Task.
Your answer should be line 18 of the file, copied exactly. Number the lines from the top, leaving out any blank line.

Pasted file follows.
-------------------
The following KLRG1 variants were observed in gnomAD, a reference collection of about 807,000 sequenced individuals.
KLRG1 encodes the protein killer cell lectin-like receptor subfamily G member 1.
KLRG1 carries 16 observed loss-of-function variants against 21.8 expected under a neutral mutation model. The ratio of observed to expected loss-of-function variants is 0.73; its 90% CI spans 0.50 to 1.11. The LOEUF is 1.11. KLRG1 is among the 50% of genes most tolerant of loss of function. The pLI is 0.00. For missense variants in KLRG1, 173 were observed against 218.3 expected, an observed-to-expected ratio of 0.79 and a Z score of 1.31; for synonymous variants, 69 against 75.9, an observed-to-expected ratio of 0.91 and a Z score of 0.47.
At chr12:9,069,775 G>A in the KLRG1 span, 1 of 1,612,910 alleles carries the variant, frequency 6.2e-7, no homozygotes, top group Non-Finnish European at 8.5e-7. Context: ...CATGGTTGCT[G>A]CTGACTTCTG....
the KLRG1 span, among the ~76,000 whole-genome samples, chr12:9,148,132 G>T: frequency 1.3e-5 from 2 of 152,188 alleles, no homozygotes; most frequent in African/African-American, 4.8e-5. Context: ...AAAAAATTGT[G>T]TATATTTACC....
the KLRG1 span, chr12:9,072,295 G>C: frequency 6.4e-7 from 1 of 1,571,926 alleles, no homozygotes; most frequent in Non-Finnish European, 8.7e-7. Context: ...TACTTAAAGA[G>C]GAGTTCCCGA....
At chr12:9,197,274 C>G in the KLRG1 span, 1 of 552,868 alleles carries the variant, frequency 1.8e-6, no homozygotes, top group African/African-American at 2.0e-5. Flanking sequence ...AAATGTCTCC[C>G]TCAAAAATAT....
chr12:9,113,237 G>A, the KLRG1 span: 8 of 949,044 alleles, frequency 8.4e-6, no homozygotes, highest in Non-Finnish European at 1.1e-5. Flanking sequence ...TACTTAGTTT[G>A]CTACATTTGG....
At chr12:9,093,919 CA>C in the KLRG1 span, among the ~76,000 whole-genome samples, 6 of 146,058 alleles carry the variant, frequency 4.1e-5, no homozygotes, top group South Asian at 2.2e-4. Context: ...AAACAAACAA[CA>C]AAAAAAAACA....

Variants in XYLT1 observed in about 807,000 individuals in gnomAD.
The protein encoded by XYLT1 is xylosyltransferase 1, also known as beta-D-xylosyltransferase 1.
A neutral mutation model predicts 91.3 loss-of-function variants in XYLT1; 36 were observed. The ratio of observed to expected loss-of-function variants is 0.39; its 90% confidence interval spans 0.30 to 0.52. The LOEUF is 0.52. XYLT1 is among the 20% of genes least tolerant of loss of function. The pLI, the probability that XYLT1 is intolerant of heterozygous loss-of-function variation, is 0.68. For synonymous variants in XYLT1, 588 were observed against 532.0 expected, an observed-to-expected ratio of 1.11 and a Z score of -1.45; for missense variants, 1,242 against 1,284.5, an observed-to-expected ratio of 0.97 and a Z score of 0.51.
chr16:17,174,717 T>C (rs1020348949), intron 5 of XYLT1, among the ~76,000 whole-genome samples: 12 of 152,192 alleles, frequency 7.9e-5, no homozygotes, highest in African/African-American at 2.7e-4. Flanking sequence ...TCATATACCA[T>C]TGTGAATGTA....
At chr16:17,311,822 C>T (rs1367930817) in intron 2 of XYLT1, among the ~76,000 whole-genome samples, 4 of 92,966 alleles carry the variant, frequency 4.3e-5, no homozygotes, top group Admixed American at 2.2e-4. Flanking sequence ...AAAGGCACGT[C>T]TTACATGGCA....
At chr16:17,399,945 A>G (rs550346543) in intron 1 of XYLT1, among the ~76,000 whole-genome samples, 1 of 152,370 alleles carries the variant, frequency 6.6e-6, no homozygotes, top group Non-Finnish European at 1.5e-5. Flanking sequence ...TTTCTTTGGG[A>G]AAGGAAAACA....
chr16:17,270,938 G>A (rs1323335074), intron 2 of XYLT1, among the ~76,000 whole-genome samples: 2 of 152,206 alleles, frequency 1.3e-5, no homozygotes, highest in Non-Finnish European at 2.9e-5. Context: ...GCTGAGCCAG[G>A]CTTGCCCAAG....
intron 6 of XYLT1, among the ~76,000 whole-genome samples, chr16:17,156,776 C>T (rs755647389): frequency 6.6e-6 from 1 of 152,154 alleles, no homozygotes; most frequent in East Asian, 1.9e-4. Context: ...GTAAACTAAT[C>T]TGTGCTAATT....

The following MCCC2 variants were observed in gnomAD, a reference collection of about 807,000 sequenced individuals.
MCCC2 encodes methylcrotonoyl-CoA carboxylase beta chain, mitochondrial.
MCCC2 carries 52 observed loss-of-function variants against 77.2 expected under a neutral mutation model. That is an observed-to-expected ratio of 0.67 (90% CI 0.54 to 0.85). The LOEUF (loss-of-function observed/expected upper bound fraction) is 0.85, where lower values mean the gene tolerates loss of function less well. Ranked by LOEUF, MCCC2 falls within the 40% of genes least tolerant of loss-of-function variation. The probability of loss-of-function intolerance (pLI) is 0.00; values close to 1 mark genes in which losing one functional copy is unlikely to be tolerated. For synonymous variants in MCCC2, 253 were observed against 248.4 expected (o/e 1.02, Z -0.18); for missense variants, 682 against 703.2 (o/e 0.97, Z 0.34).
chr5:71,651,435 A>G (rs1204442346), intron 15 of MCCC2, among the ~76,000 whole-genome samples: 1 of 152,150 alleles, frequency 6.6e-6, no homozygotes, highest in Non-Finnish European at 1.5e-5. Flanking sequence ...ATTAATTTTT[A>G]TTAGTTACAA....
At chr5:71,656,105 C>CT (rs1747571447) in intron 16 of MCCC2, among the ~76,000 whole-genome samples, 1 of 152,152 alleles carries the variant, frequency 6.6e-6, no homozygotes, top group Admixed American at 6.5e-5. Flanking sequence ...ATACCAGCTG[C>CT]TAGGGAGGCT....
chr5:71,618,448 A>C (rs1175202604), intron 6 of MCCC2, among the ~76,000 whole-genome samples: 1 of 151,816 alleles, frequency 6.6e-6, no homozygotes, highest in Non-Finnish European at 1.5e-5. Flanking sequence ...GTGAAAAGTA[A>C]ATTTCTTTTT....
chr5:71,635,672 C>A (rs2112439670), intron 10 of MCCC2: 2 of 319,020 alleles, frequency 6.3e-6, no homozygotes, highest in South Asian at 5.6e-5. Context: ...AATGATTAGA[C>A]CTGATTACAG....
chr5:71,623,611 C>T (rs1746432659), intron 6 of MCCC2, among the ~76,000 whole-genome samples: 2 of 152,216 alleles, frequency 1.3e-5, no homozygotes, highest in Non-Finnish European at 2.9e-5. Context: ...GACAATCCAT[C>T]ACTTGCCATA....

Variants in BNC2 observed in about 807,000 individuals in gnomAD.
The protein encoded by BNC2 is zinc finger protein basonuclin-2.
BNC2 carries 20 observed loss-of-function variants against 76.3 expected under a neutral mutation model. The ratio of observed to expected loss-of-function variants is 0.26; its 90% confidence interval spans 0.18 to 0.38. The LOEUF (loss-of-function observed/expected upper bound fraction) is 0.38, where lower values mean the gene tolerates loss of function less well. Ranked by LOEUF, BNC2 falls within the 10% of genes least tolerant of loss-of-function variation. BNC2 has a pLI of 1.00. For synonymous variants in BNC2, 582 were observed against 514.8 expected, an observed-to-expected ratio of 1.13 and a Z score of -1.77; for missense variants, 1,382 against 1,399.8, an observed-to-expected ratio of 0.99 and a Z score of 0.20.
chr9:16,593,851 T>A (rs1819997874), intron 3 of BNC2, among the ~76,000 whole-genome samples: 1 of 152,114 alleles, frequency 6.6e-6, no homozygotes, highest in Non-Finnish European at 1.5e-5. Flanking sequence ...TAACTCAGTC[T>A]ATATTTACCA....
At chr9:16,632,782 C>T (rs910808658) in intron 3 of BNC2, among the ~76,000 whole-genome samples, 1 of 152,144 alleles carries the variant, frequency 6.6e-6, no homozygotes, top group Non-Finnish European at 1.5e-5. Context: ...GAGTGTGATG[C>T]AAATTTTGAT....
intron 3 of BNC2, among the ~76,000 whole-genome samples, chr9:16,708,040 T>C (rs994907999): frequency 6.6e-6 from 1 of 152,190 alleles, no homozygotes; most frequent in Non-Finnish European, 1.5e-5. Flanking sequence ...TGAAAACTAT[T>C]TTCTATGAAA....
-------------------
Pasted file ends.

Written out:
The following MCCC2 variants were observed in gnomAD, a reference collection of about 807,000 sequenced individuals.